But I think what I loved most was the evident love-so deep and true-that Franz and Sisi had for each other. It was not the infatuation of their youth, and they did not share a physical relationship (as stated earlier), but as the years wore on, they did feel affection towards one another, admiration, respect, and something that is deep, beyond your basic romance. It's good to be reminded that love has many faces, and even though they had their differences, they did love each other. Franz' infidelity was probably not malicious-it was what was done, it was his right, his privilege as Emperor to have certain....pleasures....made available to him, and it probably never crossed his mind that it was truly wrong or that he might offend Sisi. Sisi had probably not been warned past the fact that Franz would not come to their wedding bed a virgin and she should not expect it, because such things were a certain way. Had Franz and Sisi been born a generation later, the idea that a man is entitled to numerous affairs would be less accepted or expected. But I don't blame Sisi for closing off that part of the relationship-she had already been made extremely ill from a sexually transmitted disease. I wouldn't want to chance any more of that-not to mention the emotional issues!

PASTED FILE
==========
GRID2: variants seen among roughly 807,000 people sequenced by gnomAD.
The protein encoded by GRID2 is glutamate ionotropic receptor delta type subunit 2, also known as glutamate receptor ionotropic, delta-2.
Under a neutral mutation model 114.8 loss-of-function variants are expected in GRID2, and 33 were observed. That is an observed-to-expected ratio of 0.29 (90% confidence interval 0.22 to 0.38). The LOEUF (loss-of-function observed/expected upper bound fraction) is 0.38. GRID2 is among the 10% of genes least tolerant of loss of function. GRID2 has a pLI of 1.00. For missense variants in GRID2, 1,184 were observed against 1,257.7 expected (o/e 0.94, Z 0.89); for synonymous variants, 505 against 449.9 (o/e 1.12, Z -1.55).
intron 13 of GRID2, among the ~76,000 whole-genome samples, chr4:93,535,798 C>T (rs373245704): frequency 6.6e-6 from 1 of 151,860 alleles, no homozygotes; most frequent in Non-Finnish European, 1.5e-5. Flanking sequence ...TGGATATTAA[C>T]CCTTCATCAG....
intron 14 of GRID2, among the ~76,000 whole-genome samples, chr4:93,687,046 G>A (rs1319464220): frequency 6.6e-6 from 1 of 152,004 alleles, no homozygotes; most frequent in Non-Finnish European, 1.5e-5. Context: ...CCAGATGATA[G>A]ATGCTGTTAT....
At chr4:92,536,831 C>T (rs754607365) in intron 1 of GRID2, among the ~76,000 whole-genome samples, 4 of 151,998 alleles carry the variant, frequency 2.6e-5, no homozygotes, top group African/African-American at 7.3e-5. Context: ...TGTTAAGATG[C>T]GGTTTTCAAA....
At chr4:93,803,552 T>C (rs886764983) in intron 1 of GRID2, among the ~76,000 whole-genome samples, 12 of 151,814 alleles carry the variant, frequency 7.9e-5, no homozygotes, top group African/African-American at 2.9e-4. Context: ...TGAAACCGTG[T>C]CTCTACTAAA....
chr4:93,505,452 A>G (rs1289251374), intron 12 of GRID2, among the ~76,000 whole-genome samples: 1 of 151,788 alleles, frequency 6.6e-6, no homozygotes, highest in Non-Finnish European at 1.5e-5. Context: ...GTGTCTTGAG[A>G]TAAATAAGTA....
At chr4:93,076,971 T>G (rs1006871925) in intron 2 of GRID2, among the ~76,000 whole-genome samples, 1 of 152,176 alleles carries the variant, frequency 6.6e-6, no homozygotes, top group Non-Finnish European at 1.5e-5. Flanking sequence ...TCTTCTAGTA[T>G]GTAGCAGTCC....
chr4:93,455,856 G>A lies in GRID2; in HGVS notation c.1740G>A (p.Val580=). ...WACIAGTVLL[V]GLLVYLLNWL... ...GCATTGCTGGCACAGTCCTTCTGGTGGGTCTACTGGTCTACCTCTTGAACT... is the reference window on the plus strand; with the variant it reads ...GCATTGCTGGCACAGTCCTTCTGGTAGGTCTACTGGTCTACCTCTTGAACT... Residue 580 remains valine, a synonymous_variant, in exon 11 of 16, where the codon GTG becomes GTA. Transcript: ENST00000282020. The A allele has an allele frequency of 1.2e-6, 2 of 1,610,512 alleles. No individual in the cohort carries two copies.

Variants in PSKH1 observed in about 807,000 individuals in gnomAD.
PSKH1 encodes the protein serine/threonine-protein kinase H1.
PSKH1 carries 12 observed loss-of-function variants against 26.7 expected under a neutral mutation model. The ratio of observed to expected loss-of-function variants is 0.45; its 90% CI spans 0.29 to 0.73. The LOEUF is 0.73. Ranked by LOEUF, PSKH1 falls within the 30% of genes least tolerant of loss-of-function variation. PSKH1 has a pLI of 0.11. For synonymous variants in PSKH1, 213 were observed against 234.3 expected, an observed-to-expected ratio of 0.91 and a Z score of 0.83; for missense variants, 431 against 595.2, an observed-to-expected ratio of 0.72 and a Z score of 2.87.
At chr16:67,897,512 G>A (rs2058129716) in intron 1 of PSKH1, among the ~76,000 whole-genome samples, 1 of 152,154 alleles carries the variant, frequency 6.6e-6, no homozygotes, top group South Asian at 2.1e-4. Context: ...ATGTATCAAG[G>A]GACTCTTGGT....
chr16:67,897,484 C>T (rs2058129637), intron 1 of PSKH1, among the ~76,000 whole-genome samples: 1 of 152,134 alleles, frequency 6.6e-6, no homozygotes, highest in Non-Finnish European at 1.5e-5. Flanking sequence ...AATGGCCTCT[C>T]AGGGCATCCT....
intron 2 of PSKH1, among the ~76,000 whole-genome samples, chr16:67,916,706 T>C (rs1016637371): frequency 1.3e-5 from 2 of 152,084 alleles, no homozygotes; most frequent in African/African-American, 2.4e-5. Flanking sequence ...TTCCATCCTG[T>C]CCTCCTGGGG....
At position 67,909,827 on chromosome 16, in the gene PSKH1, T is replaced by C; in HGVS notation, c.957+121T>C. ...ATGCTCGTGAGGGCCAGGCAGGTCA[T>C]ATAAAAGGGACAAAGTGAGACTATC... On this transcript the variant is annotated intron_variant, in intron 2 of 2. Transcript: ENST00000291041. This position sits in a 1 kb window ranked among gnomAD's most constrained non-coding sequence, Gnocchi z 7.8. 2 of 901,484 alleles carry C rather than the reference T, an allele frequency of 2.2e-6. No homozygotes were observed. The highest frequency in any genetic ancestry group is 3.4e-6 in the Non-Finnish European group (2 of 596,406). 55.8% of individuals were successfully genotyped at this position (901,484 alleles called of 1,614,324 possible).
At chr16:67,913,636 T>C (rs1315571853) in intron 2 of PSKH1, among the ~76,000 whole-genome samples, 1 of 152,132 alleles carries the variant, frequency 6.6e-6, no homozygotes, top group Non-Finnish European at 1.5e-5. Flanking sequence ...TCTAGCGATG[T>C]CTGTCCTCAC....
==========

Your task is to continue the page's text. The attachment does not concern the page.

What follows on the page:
Anyhow, there is so much to this book and to Sisi and her life, it's so complex, and no one will ever REALLY know everything that happened and the inner thoughts of anyone-beyond what they wrote in their journals. I thoroughly enjoyed reading this book. I also loved reading about all the factual accounts that were part of the novel-I'm the kind of person who wouldn't have minded a chapter note with every chapter detailing exactly which parts were fact :-)